Date of Award
Doctor of Philosophy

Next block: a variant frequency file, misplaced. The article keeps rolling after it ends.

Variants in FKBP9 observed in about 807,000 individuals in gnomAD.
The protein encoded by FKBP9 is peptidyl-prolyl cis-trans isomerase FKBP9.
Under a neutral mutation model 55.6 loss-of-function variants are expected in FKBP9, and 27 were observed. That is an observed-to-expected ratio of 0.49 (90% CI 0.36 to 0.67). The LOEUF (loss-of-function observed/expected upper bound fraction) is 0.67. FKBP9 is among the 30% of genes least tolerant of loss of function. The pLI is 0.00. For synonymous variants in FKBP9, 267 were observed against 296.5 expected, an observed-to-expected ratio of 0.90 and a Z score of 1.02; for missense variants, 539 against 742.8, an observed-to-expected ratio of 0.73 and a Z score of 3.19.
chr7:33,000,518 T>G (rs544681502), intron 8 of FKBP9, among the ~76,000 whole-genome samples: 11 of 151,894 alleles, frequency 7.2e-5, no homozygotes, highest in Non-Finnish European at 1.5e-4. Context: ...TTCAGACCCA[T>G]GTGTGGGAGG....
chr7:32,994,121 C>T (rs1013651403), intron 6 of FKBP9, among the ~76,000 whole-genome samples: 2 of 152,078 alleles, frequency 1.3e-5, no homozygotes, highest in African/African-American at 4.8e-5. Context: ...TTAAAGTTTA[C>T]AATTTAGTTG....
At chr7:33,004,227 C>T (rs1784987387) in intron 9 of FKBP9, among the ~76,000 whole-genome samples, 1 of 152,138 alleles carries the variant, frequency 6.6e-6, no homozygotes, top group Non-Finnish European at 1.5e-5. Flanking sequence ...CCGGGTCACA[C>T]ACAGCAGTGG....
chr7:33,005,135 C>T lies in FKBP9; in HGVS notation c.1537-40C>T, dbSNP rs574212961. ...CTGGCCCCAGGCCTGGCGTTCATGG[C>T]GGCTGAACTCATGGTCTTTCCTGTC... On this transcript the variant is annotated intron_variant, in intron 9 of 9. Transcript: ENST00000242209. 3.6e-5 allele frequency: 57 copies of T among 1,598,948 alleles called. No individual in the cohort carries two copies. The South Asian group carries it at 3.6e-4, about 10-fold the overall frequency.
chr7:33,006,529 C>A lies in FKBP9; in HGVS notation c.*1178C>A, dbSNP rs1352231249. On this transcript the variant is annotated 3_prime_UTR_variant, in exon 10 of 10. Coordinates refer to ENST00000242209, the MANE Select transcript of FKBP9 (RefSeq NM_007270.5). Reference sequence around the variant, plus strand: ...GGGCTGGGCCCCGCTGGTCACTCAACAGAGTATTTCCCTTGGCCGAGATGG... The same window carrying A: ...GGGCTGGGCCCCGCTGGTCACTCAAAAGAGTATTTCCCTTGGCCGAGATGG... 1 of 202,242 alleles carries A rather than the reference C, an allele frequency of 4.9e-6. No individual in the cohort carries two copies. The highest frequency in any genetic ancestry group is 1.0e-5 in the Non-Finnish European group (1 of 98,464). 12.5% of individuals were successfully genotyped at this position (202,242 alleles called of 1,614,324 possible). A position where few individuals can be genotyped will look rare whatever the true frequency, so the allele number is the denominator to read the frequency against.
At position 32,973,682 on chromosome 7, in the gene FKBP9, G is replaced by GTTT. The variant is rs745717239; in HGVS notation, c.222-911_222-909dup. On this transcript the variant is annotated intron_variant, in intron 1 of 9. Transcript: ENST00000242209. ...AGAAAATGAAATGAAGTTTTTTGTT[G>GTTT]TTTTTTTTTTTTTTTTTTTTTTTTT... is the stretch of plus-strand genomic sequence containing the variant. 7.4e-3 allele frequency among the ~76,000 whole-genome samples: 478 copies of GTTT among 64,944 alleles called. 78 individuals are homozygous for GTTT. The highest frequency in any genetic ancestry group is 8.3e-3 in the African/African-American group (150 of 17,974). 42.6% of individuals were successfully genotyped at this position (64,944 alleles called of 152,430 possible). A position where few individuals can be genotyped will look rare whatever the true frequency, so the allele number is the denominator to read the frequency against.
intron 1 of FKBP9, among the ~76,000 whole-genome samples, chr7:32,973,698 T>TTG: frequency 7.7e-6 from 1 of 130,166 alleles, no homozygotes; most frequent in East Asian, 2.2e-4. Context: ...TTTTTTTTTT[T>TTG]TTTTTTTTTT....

Recent epidemiological data from the National Comorbidity Survey (NCS) estimate significant lifetime prevalence rates for anxiety and mood disorders, suggesting nearly one in three people would meet diagnostic criteria for an anxiety and/or mood disorder at some point during their lifetime (NCS, 2007). Comorbidity research has also revealed that people often suffer from these disorders concurrently (Rodriguez et al., 2004). Many have argued that anxiety and mood disorders frequently co-occur because they share similar etiological factors (Barlow, 1991; Clark & Watson, 1991; Watson, 2005). Additional empirical research has suggested that depressive and anxiety disorders share similar genetic diatheses and merely present differently because of variation in environmental stressors (Hettema, Neale, & Kendler, 2001; Rutter Moffit, & Caspi, 2006). As a result, an investigation of shared emotion regulation and affective processes across anxiety and mood disorders may reveal parallel etiological factors and areas for intervention. Research examining emotion and affective dysregulation indicates that mood and anxiety pathology may be characterized by similar emotional control and understanding deficits (Amstadter, 2008; Bradley, 2000; Sandin et al., 1996). Models of emotion dysregulation suggest that individuals suffering from anxiety pathology report decreased understanding of emotions, higher reactivity and sensitivity to emotions, and poor emotional management and mood repair skills (Mennin et al., 2005). Similarly, studies have observed parallel difficulties in those with depression (Liverant, Brown, Barlow, & Roemer, 2008; Rude and McCarthy, 2003). Additionally, research has indicated that efforts to reappraise or suppress emotions may affect the intensity and valence of emotional experiences (Gross & John, 2004). The current study builds off this research by incorporating elements of previous models of emotion dysregulation and anxiety and mood pathology in an effort to develop a comprehensive model of affective process that may underlie both anxious and depressive symptomatology. A total of 526 undergraduate students participated in the present investigation by completing a series of self-report instruments measuring affect and psychopathology. Response patterns were analyzed using AMOS 4.0 in order to examine the structural relationships between negative affectivity, positive affectivity, emotion reappraisal, emotion suppression, negative emotional reactivity, and poor understanding of emotions. Initial tests of a single model of emotion dysregulation suggested that the development of two separate models best represented subject responses. As a result, distinct models for suppression and reappraisal were tested concurrently. Tests of model invariance revealed similar structural qualities across gender, ethnicity, and levels of general distress for both models. Following modification, final fit indices suggested good fit for the reappraisal model (CFI = .99, TLI = .99, RMSEA = .057); however, the suppression model did not appear similarly representative of subject response behavior (CFI = .89, TLI = .85, RMSEA = .073). Findings of the current study suggest that the use of emotional reappraisal may be associated with increased positive affective and decreased negative affective states. Further, attempts to reappraise emotional experiences may influence the relationships poor understanding of emotions and fear of strong affect demonstrated with negative and positive affect. Data support previously articulated psychotherapy treatment strategies (Beck, 1979; Barlow & Cerny, 1988; Linehan, 1993; Hayes, 2004), but also indicate that current cognitive behavioral therapies may benefit from heightened attention to emotions and the incorporation of affective regulation skill building strategies. Future research directions, study strengths and limitations, and additional implications of present results are included.
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